Businesses need people, not cars. With more people on transit, there are many if not even more customers that are passing by their businesses. Yes, there are instances where families or elderly and others who want/need to get to their destination by car, but perhaps businesses need to update their business models and recognize how to connect with the people outside. There is no reason that transit should be slowed down and made less reliable when people can see that transit is a better way to move around downtown. Also, removing cut through traffic on one street does not necessarily mean car traffic is worse, just different.

    One thing necessary is probably solving the ‘last-mile’ dilemma, but a closer look is needed to find out why specific businesses appear to be losing patronage. (Has better transit allowed people to go further, so they have more choice, or allowed them to get in and out of downtown that much faster that they dont have to wait for traffic to clear up?)

  • Eli


    Doug Ford, brother of the late-and-not-lamented, cocaine-addicted, drunkard Rob Ford

  • crazyvag

    You’re mostly right that most businesses need people, not cars. However, there night be some that sell things that really are easier with your in car. It is worth looking at what businesses are complaining.

  • Corvus Corax

    Thank you for your contribution so pertinent to the topic at hand. Geez!

  • Granger103

    Toronto has just cleared the traffic off its previously gridlocked main street to make way for much better public transit service. What a concept! San Francisco needs this kind of innovative thinking even more than Toronto does.

  • oceanstater

    this would seem to have widespread applicability to many other locations

  • How about Doug Ford, whose brother Rob ripped out bike lanes and also parked his SUV in one of the remaining bike lanes to smoke crack?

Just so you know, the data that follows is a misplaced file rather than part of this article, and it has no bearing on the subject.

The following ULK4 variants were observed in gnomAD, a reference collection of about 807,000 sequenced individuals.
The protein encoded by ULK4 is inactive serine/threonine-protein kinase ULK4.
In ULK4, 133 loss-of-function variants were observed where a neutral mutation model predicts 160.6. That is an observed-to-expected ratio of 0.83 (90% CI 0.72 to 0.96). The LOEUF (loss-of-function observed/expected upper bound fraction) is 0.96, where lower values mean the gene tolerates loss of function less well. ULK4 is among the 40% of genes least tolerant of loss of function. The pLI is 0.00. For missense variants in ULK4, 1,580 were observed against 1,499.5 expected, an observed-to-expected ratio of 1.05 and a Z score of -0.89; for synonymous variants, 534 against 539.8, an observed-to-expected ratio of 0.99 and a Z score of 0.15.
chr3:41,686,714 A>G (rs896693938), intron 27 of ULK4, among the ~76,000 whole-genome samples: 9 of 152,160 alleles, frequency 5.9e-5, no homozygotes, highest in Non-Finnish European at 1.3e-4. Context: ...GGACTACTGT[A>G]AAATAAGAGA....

Okay, perhaps not the highest road to take in this discussion.

  • Corvus Corax

    Rob Ford was a fascinating, if despicable, man. I didn’t know about his ripping out of bike lanes, only saw news reports on his flagrant and shocking behavior. I can think of one (semi-) politician in current news who makes Ford look like Mother Teresa.

  • John Murphy

    that politician is more powerful, not more despicable

  • Courtney

    Looking at you Chicago. More bus-only lanes, PLEASE!!

  • neroden

    Correction: based on what we know, this should say “Doug Ford, brother of the late *crack-smoking* mayor Rob Ford and leader of the Ford drug dealing family”.

  • neroden

    Rob Ford was also known for *driving while reading*. Yeesh.

  • neroden

    There aren’t any washing machine stores or other stores selling things you’d need a truck for on downtown King Street.

  • Andrew

    Wait, Rob Ford knew how to read?


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Despite running through some of Toronto’s most densely populated areas, King Street is designed like a suburban road. Cars have dominion while the city’s streetcar has no dedicated right-of-way despite high ridership — so it sits in heavy traffic. But it looks that’s about to change. Toronto recently announced plans to overhaul King Street by 2017 with a pilot project to shift space from […]